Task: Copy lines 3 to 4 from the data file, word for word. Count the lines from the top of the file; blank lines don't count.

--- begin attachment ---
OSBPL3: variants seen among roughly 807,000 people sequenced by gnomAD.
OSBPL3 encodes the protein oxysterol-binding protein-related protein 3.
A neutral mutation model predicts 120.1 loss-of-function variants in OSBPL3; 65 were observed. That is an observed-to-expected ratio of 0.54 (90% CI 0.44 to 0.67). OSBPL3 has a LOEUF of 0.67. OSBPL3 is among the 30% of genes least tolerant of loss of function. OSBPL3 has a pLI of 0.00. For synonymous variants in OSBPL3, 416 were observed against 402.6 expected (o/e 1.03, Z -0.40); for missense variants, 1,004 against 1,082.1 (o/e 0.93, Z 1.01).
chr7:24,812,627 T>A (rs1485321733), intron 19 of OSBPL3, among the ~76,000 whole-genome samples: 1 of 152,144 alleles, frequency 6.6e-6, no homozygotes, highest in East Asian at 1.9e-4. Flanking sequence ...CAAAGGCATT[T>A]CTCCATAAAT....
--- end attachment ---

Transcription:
A neutral mutation model predicts 120.1 loss-of-function variants in OSBPL3; 65 were observed. That is an observed-to-expected ratio of 0.54 (90% CI 0.44 to 0.67). OSBPL3 has a LOEUF of 0.67. OSBPL3 is among the 30% of genes least tolerant of loss of function. OSBPL3 has a pLI of 0.00. For synonymous variants in OSBPL3, 416 were observed against 402.6 expected (o/e 1.03, Z -0.40); for missense variants, 1,004 against 1,082.1 (o/e 0.93, Z 1.01).
chr7:24,812,627 T>A (rs1485321733), intron 19 of OSBPL3, among the ~76,000 whole-genome samples: 1 of 152,144 alleles, frequency 6.6e-6, no homozygotes, highest in East Asian at 1.9e-4. Flanking sequence ...CAAAGGCATT[T>A]CTCCATAAAT....